Mr Howard met China's top leaders in Beijing this week.
Later, in a comment on international efforts to pressure China on its human rights record, he insisted that quiet diplomacy is producing sufficient results. "If I keep--if I keep bringing up their violations, how will I get trade agreements out of them? If you can answer me that, then I'll bring up the human rights violations.
"And what's more," he said, after pausing to adjust his glasses, "it's not like we're squeaky clean on Human Rights, is it?"
Take Alexander Downer, Foreign Minister for Australia, who is working hard at creating a counter-terrorist network in the region. Which, of course, is best done by reestablishing ties with violent, terrorist like networks, such as Kopassus. Major General Sriyanto, head of this 'security uni', is visiting Australia next month to look into the possibility of resuming ties.
"Initially, Kopassus consisted of three groups. Groups 1 and 2 are predominantly combat troops, similar to their counterparts anywhere in the world.
Group 3, which was set up in 1963, features additional training on counter insurgency, including interrogation techniques and torture methods.
Under Lt. Gen. Prabowo Subianto, Group 3 became notorious for its role in state-sponsored terrorism by operations involving the murder, torture and kidnapping of potential and influential opposition figures.
In the run-up to the Consultative Assembly (MPR) session on 11 March 1998 which reappointed Suharto as president for his seventh consecutive term, at least 23 government critics disappeared. Nine of them later resurfaced and told stories of solitary confinement, interrogation and physical abuse. The remainder are presumed to have been murdered."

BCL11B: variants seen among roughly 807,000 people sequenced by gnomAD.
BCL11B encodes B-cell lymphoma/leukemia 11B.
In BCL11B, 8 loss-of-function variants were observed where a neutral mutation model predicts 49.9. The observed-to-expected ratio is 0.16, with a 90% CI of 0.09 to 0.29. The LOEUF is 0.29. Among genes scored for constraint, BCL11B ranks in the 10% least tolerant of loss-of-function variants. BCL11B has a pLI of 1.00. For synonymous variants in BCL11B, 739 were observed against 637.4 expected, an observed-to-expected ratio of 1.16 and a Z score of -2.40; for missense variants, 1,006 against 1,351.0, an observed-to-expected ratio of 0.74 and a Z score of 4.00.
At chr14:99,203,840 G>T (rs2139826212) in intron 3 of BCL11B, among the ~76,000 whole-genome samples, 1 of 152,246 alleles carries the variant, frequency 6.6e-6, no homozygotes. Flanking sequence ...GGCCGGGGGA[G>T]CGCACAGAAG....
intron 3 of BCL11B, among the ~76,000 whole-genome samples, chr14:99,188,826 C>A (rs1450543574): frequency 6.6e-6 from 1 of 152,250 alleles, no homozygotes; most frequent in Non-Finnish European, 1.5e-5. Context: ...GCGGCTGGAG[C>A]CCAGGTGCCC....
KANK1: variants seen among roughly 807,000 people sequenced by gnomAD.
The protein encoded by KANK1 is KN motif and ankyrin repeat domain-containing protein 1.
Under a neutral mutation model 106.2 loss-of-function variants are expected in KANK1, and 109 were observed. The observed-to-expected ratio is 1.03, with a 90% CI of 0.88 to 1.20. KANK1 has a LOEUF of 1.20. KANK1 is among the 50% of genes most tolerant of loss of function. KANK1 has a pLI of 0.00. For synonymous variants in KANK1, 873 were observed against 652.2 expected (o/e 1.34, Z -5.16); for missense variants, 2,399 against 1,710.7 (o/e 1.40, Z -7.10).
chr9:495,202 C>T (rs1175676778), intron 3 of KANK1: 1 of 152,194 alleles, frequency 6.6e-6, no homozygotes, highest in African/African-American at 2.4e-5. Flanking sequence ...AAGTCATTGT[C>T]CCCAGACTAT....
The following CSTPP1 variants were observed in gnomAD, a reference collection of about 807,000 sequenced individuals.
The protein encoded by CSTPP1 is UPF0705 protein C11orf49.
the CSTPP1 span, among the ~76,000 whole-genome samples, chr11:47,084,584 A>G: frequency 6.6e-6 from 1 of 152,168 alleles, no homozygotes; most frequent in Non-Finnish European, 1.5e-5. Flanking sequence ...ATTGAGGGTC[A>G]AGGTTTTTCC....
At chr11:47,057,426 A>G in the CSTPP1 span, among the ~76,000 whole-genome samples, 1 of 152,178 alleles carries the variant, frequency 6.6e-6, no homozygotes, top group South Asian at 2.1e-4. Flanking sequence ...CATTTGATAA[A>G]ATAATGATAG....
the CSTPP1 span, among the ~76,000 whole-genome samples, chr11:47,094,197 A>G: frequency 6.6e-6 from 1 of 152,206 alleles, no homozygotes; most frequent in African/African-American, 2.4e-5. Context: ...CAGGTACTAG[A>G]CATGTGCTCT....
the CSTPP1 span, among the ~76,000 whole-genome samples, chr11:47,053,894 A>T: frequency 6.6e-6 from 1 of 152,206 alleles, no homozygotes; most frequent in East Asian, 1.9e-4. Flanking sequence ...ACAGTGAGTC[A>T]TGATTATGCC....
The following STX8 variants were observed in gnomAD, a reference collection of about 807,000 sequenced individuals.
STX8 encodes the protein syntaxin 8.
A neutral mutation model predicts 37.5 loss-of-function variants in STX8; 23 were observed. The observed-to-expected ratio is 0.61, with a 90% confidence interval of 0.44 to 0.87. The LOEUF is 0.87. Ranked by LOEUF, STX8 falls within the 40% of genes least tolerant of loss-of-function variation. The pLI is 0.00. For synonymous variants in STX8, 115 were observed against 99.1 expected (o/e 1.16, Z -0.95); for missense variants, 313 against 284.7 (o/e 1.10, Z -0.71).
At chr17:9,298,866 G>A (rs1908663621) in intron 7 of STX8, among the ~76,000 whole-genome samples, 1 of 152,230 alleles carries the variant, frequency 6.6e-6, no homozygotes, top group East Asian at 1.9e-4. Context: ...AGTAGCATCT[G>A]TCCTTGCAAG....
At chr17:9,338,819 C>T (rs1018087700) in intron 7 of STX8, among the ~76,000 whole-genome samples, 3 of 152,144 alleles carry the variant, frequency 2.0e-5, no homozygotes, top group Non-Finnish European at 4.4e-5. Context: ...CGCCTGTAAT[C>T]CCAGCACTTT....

"The U.S. Undersecretary of State, Richard Armitage, while in Australia to hold talks about security and terrorism in the Asia-Pacific region, said that he supports Australia's decision to restore ties with Indonesia's controversial special forces, the Kopassas unit, in order to combat terrorism. The American diplomat believes Canberra has an important part to play in regional security, both in fighting terrorism, and in restoring stability to such troubled Pacific states as the Solomon Islands.
"The U.S. has had a policy of renewing ties when it was prudent to do so, and it hasn't once come back and hit us in some fashion." When asked about Osama bin Laden and Saddam Hussien, both of whom U.S. Administrations armed and trained in various forms, Armitage laughed.
"It all worked out in the end," he explained, smiling still.
When asked if this meant that the U.S. would renew its tie, Mr. Armitage responded that no. Kopassus is still suspected of involvement in the murders of two U.S. citizens in Indonesia in 2001. He says, however, that a military alliance between Australia and Indonesia would be beneficial for the region.
"I not only understand it, I support it very much. You're a citizen of this neighborhood. It's very much in Australia's interests to get involved with your neighbors for the betterment of all," says Mr. Armitage. "Look, I think we can't forget the past, we can't forget past activities, but we've got to live for the future and if the activities of the Australian Government with the Indonesian military makes for a better future and a safer environment, I say good on them."
The reasoning behind Armitage's understanding, and the Howard Government's desire to bring Kopassus back, is that Group V (the anti-terrorist unit within Kopassus) "has engaged in two previous hostage rescue missions," both a success.
But that is, of course, ignoring the history of Kopassus's other activities, which read more like that of a terrorist organisation. This is not surprising given that techniques and tactics of terror are explicitly outlined in chapter five of a confidential Kopassus training manual.